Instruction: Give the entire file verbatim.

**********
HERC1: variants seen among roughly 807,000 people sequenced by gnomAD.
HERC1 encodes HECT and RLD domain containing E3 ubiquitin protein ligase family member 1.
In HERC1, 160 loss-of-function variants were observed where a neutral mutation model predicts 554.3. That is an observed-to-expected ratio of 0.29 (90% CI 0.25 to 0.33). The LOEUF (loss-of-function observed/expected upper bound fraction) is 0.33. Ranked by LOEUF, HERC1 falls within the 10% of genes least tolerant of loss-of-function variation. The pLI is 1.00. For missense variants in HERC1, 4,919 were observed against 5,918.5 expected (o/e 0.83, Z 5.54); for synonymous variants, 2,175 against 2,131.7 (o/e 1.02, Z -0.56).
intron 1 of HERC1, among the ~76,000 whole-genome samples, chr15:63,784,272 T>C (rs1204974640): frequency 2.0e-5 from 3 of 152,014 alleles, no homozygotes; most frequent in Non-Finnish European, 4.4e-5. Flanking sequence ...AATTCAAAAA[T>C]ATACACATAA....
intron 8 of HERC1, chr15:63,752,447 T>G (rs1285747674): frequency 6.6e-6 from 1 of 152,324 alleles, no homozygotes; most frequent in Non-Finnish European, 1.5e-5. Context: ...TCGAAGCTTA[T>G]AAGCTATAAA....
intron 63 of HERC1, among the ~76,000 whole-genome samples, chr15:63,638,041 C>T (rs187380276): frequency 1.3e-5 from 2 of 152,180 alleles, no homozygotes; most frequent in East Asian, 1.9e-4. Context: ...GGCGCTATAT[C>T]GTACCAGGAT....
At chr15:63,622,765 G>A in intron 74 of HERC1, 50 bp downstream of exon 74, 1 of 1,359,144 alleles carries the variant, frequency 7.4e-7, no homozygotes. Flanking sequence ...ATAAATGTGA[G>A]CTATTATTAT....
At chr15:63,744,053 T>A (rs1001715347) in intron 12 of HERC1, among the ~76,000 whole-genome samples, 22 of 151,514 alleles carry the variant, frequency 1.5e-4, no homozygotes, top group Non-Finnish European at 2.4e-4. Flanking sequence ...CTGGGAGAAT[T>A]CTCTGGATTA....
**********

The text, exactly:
HERC1: variants seen among roughly 807,000 people sequenced by gnomAD.
HERC1 encodes HECT and RLD domain containing E3 ubiquitin protein ligase family member 1.
In HERC1, 160 loss-of-function variants were observed where a neutral mutation model predicts 554.3. That is an observed-to-expected ratio of 0.29 (90% CI 0.25 to 0.33). The LOEUF (loss-of-function observed/expected upper bound fraction) is 0.33. Ranked by LOEUF, HERC1 falls within the 10% of genes least tolerant of loss-of-function variation. The pLI is 1.00. For missense variants in HERC1, 4,919 were observed against 5,918.5 expected (o/e 0.83, Z 5.54); for synonymous variants, 2,175 against 2,131.7 (o/e 1.02, Z -0.56).
intron 1 of HERC1, among the ~76,000 whole-genome samples, chr15:63,784,272 T>C (rs1204974640): frequency 2.0e-5 from 3 of 152,014 alleles, no homozygotes; most frequent in Non-Finnish European, 4.4e-5. Flanking sequence ...AATTCAAAAA[T>C]ATACACATAA....
intron 8 of HERC1, chr15:63,752,447 T>G (rs1285747674): frequency 6.6e-6 from 1 of 152,324 alleles, no homozygotes; most frequent in Non-Finnish European, 1.5e-5. Context: ...TCGAAGCTTA[T>G]AAGCTATAAA....
intron 63 of HERC1, among the ~76,000 whole-genome samples, chr15:63,638,041 C>T (rs187380276): frequency 1.3e-5 from 2 of 152,180 alleles, no homozygotes; most frequent in East Asian, 1.9e-4. Context: ...GGCGCTATAT[C>T]GTACCAGGAT....
At chr15:63,622,765 G>A in intron 74 of HERC1, 50 bp downstream of exon 74, 1 of 1,359,144 alleles carries the variant, frequency 7.4e-7, no homozygotes. Flanking sequence ...ATAAATGTGA[G>A]CTATTATTAT....
At chr15:63,744,053 T>A (rs1001715347) in intron 12 of HERC1, among the ~76,000 whole-genome samples, 22 of 151,514 alleles carry the variant, frequency 1.5e-4, no homozygotes, top group Non-Finnish European at 2.4e-4. Flanking sequence ...CTGGGAGAAT[T>A]CTCTGGATTA....